The AVTRW (Association for Veterinary Teaching and Research Work) recognises excellence in both veterinary teaching and in veterinary research by presenting awards to individuals who have made significant contributions to those fields. This year the Selbourne Award for contribution to research was presented to Dr Bryan Charleston of The Pirbright Institute in recognition of his outstanding work on foot-and-mouth disease (FMD). Dr Charleston, who leads the Livestock Viral Diseases Programme at Pirbright, researches immune responses of cattle and applies the knowledge gained to the development of improved disease control measures.
“It is a great honour to receive this award from the AVTRW, my first scientific presentation as a PhD student was at an AVTRW meeting in Scarborough,” says Dr Charleston. “I hope the association continues to thrive and foster the development of veterinary researchers.”
Dr Charleston has spent the last 10 years working on FMD transmission and the development of novel FMD vaccines. During this time he has led a series of transmission experiments in cattle which have demonstrated that the window of transmission between animals is shorter than originally thought and is closely associated with the onset of clinical signs. This discovery has important implications for the likely effectiveness of reactive disease control measures such as culling and suggests that efforts should be focussed on preclinical diagnosis and early clinical recognition for targeted control, rather than contiguous culling.
Studies on the pathogenesis and immune response to FMD infection and vaccination have also led to the discovery of a new site of virus persistence, with important implications for understanding why vaccines engender a much more transient protective response than is associated with recovery from infection. Their research on the development of novel vaccines has led to Dr Charleston and his team recently hitting the headlines. By creating synthetic shells of virus particles (capsids) which do not require live virus in their production, a FMD vaccine can be produced safely outside of high containment. Furthermore, these synthetic capsids have been stabilised to create a vaccine that does not require cold storage and has increased in vivo potency.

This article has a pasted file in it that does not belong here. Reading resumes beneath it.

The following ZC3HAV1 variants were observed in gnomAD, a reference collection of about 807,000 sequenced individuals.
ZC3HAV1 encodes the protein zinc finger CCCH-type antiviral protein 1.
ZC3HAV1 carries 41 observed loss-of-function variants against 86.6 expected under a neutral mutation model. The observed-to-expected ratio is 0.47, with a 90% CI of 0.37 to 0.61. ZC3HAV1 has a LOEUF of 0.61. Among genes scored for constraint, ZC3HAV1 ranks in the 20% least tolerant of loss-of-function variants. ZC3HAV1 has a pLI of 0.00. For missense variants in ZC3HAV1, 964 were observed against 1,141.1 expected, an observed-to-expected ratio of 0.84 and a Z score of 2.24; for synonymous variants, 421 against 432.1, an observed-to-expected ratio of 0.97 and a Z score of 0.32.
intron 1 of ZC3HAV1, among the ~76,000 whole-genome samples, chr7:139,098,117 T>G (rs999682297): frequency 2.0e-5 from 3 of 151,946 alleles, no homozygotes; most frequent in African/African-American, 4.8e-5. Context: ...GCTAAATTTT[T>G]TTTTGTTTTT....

The Pirbright Institute’s Director of Science, Professor David Paton, says: “It is extremely pleasing that the UK’s leading society for veterinary researchers has recognised the significance of the ground breaking work done by Bryan and his colleagues at Pirbright. Control of FMD is a global public good that will help to secure livelihoods in developing countries as well as protecting the UK and other FMD-free countries from future disease incursions. Research of this kind is essential to equip us with the tools to make this a reality.”